Going green with indoor gardening containers

margaretWhen the weather gets warmer, one thinks of spring and gardening.  Those who don’t have available space to plant a garden can still go green by starting an indoor garden in recycled containers.

Need a little inspiration to get your garden started in containers but don’t have a lot of extra cash? Go green by using containers from recycled household items, like tea kettles, colanders, vases, antiques, and large tin cans. You can haunt yard sales and second hand stores or ask restaurant owners to save empty metal or plastic containers for you. Here are some creative ideas for growing an indoor garden.

Choose your plants wisely

If buying plants, choose the plants for your container garden that will work with your lifestyle.  You don’t like to water? Grow succulents and other drought resistant plants.  Want to grow herbs for cooking?  Place herb seeds or transplant bedding plants into pot soiling in small containers. Then place these containers on window sills on the south or west side of your home or apartment.

Want a more formal look for an entryway? Choose large containers in classic shapes and plant them with luxurious ferns and eye catching plants. Whatever your style, there are indoor plants that can work for your lifestyle. You just have to do a little research and experimentation to find what works.

Before going to a garden shop, decide what plants you want and then find out if they need sun or shade or anything in between.  Plant tags are critical. They will tell you how big your plant will get, how much light, water and food it needs, and how much care it will need. The tag will also tell you about your plant’s “habit,” which means its shape and how it will grow. This is important when considering your container design.

Use good quality potting soil and ample drainage

The more potting soil you use, the more water retention you will have which will give you a much great margin for error when watering and feeding your plants.  Don’t take chances; fill your containers with a good quality potting soil.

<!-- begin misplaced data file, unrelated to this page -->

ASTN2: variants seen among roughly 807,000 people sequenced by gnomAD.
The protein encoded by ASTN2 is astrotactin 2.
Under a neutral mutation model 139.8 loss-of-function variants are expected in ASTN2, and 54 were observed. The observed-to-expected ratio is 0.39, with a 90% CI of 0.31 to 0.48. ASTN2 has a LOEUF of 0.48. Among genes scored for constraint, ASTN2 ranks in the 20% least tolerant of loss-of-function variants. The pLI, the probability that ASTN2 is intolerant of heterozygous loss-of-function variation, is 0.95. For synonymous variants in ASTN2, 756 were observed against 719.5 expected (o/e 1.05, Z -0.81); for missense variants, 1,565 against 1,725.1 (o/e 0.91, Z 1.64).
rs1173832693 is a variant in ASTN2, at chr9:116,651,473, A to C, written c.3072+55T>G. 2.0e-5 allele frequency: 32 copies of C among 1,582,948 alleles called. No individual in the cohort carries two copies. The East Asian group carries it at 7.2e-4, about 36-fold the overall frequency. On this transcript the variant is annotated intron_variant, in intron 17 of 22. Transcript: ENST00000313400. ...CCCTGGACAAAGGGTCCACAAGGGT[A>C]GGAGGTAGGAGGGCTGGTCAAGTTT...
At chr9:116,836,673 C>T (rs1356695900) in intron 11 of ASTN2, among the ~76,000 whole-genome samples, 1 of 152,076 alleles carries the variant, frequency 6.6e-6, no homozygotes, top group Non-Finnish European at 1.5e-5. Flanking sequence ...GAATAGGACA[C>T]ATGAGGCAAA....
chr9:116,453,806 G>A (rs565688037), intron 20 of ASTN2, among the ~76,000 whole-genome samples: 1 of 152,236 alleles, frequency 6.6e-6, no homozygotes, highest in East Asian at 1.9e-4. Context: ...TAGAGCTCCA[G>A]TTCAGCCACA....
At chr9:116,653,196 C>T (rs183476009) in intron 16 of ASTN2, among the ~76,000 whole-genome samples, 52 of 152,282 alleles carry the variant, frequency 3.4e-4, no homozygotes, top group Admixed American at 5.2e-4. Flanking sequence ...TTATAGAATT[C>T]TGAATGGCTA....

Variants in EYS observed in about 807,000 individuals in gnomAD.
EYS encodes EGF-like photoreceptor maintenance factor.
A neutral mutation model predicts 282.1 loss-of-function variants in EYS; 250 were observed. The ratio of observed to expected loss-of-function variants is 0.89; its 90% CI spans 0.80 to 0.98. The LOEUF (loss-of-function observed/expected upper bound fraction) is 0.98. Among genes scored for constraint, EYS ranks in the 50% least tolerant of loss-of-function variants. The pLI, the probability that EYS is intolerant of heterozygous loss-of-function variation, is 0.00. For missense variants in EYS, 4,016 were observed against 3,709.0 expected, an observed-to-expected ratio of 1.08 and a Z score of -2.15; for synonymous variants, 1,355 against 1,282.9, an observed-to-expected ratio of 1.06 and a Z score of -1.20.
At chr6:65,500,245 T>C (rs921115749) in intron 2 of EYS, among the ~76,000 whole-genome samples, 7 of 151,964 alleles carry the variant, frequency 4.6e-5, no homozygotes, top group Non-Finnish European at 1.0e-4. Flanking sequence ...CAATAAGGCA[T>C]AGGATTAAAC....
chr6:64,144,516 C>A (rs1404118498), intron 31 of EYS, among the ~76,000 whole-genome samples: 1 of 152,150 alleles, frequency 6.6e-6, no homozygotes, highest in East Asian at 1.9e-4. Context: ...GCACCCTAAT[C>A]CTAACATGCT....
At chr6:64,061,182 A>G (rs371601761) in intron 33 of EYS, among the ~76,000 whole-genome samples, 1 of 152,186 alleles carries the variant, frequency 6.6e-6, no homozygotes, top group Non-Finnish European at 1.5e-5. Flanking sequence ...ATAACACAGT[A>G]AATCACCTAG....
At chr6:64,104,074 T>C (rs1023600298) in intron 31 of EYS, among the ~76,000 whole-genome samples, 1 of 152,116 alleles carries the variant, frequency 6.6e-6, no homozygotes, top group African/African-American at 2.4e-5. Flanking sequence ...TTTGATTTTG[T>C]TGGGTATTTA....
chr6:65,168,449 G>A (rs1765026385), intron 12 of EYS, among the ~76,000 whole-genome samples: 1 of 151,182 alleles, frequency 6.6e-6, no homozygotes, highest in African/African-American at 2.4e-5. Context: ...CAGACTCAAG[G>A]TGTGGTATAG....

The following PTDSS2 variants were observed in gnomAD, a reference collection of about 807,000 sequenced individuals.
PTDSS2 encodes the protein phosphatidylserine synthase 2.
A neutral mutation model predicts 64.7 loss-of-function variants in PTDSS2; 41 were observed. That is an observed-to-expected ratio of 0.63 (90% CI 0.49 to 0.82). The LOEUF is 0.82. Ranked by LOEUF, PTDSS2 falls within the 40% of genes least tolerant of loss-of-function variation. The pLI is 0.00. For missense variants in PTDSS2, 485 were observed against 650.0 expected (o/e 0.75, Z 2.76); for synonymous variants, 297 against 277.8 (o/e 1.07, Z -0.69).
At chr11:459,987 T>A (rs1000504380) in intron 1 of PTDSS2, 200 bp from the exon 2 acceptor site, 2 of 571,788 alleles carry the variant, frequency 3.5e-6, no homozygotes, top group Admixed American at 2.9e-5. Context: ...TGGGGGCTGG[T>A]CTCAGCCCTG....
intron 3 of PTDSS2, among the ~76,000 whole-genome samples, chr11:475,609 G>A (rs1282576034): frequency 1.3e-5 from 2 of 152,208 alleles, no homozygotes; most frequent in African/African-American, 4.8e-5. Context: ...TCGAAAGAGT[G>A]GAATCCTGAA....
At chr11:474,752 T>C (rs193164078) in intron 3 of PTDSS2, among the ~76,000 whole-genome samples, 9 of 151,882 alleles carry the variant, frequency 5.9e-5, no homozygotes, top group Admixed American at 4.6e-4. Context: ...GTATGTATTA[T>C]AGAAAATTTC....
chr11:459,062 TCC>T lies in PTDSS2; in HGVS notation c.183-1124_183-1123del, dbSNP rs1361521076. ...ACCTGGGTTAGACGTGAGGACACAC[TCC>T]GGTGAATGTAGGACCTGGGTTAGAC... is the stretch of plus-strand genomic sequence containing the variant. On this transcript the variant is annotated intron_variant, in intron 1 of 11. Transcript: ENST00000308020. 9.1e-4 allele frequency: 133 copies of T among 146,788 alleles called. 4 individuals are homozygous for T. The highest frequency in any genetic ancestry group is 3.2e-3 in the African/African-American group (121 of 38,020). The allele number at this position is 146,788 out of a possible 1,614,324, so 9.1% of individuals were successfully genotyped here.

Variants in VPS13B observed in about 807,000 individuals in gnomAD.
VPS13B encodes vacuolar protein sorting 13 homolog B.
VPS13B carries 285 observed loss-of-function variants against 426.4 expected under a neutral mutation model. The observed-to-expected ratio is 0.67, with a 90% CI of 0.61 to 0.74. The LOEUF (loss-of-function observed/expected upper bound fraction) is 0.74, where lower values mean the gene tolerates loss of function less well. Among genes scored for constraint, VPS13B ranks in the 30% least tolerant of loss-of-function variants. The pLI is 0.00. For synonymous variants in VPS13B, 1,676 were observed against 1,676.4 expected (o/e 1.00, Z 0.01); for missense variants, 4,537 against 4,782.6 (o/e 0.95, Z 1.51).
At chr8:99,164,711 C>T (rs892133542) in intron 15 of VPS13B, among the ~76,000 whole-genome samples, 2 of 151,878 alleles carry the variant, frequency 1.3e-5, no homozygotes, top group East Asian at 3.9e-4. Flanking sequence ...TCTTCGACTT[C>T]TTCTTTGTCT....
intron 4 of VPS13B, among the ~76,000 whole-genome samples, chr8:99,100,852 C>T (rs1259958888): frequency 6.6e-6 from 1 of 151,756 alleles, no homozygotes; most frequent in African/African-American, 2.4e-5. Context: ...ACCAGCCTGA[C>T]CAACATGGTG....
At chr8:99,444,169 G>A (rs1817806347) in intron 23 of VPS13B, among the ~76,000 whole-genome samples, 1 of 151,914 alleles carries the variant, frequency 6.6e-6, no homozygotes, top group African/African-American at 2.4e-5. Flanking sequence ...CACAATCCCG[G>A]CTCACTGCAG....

Having ample drainage can be a matter of life and death for your plants.  When there aren’t enough holes for water to drain out of your pot, your soil may become too wet and cause the roots of the plant to die. You can often increase drainage by drilling, punching or carving large holes. It is easiest to punch holes in plastic containers.  Then place the filled, punched containers inside decorative planters.

Fertilizer your plants

Most potting soil has no accessible nutrients for your plants. The majority of plants will need fertilizer added to the soil in order to thrive. Mix a slow release fertilizer into a potting mix. To do this, either mix up a big batch of potting soil with fertilizer in a bucket, or fill a pot with potting soil and then mix in the fertilizer.

Evaluate Your Light 

Many people wildly overestimate how much sun their containers get. While you can find a great plant for almost any amount of light, you have to know how much light your container will get before you choose your indoor plants.  To figure out how much direct light your container will get, place it where you want it and then time how long the sun hits it.

Container gardening does take time and attention.  If you use recycled containers and start your plants from seeds, it doesn’t have to be expensive. You will discover that some plants with thrive and some will not.  When plants thrive, however, indoor gardening becomes exciting, rewarding and endlessly interesting.

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